Background: Major depressive disorder may be present in 10–20% of patients in medical settings. Routine screening for depression has been recommended to improve depression management. However, studies that have examined the diagnostic accuracy of depression screening tools typically have used data-driven, exploratory methods to select optimal cutoffs. Typically, these studies report results from a small range of cutoff points around whatever cutoff score is most accurate in that given study. When data from these published studies are combined in meta-analyses, estimates of accuracy for different cutoff points are often based on data from different studies, rather than having data from all studies for each possible cutoff point. As a result, traditional meta-analyses can generate grossly exaggerated estimates of accuracy. Individual patient data (IPD) meta-analyses can be used to address this problem by synthesizing data from all studies for each cutoff score to obtain precise, unbiased diagnostic accuracy estimates.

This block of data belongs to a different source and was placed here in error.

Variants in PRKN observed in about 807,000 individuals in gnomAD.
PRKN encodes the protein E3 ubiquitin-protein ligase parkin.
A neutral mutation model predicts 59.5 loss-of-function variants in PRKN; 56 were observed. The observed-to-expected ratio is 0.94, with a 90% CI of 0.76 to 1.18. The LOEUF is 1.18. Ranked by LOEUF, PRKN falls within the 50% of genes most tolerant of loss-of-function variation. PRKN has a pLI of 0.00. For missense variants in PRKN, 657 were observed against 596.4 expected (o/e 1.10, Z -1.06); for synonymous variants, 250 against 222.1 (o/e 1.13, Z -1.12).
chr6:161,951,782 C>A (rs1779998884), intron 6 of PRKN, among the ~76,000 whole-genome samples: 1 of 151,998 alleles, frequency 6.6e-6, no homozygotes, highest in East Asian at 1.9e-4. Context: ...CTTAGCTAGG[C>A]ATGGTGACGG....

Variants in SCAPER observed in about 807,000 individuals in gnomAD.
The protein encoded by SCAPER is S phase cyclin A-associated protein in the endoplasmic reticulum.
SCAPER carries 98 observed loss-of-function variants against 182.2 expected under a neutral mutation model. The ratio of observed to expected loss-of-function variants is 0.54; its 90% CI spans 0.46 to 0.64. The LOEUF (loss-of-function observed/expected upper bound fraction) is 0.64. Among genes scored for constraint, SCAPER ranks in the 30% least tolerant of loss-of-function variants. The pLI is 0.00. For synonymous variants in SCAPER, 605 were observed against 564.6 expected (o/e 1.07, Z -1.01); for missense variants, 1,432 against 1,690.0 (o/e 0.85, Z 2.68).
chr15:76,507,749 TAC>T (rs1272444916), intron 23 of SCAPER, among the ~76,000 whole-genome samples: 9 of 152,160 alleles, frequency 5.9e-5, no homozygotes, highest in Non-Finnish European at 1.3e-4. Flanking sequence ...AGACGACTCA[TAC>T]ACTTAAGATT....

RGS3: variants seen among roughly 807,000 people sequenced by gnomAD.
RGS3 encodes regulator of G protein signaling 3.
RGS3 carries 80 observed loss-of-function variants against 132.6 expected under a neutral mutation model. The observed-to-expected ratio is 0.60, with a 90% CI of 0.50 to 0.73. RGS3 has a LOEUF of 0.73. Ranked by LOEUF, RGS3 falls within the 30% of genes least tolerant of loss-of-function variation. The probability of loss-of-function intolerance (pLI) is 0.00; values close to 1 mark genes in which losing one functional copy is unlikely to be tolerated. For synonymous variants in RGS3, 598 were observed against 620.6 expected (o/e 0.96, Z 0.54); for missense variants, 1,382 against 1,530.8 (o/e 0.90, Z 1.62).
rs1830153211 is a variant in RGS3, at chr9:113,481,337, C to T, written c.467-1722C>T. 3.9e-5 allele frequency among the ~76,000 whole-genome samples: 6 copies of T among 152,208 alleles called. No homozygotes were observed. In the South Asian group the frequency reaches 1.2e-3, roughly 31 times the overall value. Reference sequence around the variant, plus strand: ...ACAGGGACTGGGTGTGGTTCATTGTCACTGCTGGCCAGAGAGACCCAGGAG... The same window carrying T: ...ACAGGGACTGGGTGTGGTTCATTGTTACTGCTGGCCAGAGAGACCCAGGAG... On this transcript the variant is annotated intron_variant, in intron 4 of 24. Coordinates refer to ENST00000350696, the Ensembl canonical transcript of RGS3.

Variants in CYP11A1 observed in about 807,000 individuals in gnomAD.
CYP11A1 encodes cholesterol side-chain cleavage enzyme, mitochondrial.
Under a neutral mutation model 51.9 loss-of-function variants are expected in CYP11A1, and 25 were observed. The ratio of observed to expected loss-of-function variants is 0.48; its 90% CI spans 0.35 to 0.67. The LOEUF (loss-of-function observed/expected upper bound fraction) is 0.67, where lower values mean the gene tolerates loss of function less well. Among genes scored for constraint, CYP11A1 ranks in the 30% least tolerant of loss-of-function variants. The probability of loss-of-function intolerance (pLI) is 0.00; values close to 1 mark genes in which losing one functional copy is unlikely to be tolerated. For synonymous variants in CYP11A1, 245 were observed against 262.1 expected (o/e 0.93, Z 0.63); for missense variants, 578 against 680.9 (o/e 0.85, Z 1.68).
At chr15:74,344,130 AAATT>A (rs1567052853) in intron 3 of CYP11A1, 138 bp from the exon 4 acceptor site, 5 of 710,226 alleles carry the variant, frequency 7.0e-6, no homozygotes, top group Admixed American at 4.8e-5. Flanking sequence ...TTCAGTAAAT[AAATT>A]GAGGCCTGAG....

Objectives: The DEPRESsion Screening Data (DEPRESSD) Registry was created as a data repository for IPD meta-analyses of depression screening accuracy. The Registry is accumulating datasets from original studies with diagnostic accuracy data for common depression screening tools, which will result in large enough samples to accurately estimate accuracy across all relevant cutoff scores. It will also allow analyses of moderating factors that may influence accuracy (e.g., age, gender, diagnosis).
Methods: Authors of eligible published studies are being invited to contribute original data to the Registry. Datasets will be eligible for this project if they include a DSM or ICD diagnosis ofMDD based on a validated structured or semi-structured diagnostic interview administered within two weeks of the administration of one or more depression screening tools included in the Registry.
Conclusions: This Registry will provide a mechanism to obtain realistic estimates of depression screening tool accuracy, which currently appears to be substantially exaggerated.